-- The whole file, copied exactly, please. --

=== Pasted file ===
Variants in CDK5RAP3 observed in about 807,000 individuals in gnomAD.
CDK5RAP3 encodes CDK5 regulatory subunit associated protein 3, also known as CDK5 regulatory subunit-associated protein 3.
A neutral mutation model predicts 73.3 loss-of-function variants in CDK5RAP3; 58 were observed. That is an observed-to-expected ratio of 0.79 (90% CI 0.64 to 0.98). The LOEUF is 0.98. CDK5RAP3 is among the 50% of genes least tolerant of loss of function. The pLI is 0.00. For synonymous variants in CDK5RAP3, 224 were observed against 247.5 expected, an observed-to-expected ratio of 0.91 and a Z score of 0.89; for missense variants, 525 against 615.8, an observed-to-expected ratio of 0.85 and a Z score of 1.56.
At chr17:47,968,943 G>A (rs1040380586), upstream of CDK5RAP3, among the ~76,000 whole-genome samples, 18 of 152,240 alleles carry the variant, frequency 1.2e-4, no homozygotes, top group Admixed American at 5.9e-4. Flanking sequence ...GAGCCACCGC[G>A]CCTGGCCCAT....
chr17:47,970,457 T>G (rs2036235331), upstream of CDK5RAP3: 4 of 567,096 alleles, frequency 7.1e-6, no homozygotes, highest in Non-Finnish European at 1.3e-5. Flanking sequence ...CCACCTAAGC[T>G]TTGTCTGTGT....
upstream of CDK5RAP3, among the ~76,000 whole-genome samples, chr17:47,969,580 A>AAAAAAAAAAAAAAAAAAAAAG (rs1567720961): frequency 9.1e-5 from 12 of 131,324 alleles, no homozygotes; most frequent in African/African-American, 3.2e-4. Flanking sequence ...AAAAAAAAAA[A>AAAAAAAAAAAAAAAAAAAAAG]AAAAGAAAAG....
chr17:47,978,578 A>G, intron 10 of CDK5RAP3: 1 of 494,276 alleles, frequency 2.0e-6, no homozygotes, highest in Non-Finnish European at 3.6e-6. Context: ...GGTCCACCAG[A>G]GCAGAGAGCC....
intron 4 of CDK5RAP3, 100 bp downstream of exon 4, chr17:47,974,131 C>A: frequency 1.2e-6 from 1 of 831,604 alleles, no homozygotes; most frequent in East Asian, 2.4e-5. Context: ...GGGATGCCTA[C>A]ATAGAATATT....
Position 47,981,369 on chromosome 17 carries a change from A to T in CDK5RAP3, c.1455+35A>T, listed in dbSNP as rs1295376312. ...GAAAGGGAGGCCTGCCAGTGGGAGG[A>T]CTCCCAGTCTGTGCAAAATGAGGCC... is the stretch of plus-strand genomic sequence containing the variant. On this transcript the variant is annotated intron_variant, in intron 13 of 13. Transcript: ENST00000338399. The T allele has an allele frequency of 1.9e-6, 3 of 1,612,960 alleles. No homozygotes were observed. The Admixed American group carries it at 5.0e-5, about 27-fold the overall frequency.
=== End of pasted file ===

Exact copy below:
Variants in CDK5RAP3 observed in about 807,000 individuals in gnomAD.
CDK5RAP3 encodes CDK5 regulatory subunit associated protein 3, also known as CDK5 regulatory subunit-associated protein 3.
A neutral mutation model predicts 73.3 loss-of-function variants in CDK5RAP3; 58 were observed. That is an observed-to-expected ratio of 0.79 (90% CI 0.64 to 0.98). The LOEUF is 0.98. CDK5RAP3 is among the 50% of genes least tolerant of loss of function. The pLI is 0.00. For synonymous variants in CDK5RAP3, 224 were observed against 247.5 expected, an observed-to-expected ratio of 0.91 and a Z score of 0.89; for missense variants, 525 against 615.8, an observed-to-expected ratio of 0.85 and a Z score of 1.56.
At chr17:47,968,943 G>A (rs1040380586), upstream of CDK5RAP3, among the ~76,000 whole-genome samples, 18 of 152,240 alleles carry the variant, frequency 1.2e-4, no homozygotes, top group Admixed American at 5.9e-4. Flanking sequence ...GAGCCACCGC[G>A]CCTGGCCCAT....
chr17:47,970,457 T>G (rs2036235331), upstream of CDK5RAP3: 4 of 567,096 alleles, frequency 7.1e-6, no homozygotes, highest in Non-Finnish European at 1.3e-5. Flanking sequence ...CCACCTAAGC[T>G]TTGTCTGTGT....
upstream of CDK5RAP3, among the ~76,000 whole-genome samples, chr17:47,969,580 A>AAAAAAAAAAAAAAAAAAAAAG (rs1567720961): frequency 9.1e-5 from 12 of 131,324 alleles, no homozygotes; most frequent in African/African-American, 3.2e-4. Flanking sequence ...AAAAAAAAAA[A>AAAAAAAAAAAAAAAAAAAAAG]AAAAGAAAAG....
chr17:47,978,578 A>G, intron 10 of CDK5RAP3: 1 of 494,276 alleles, frequency 2.0e-6, no homozygotes, highest in Non-Finnish European at 3.6e-6. Context: ...GGTCCACCAG[A>G]GCAGAGAGCC....
intron 4 of CDK5RAP3, 100 bp downstream of exon 4, chr17:47,974,131 C>A: frequency 1.2e-6 from 1 of 831,604 alleles, no homozygotes; most frequent in East Asian, 2.4e-5. Context: ...GGGATGCCTA[C>A]ATAGAATATT....
Position 47,981,369 on chromosome 17 carries a change from A to T in CDK5RAP3, c.1455+35A>T, listed in dbSNP as rs1295376312. ...GAAAGGGAGGCCTGCCAGTGGGAGG[A>T]CTCCCAGTCTGTGCAAAATGAGGCC... is the stretch of plus-strand genomic sequence containing the variant. On this transcript the variant is annotated intron_variant, in intron 13 of 13. Transcript: ENST00000338399. The T allele has an allele frequency of 1.9e-6, 3 of 1,612,960 alleles. No homozygotes were observed. The Admixed American group carries it at 5.0e-5, about 27-fold the overall frequency.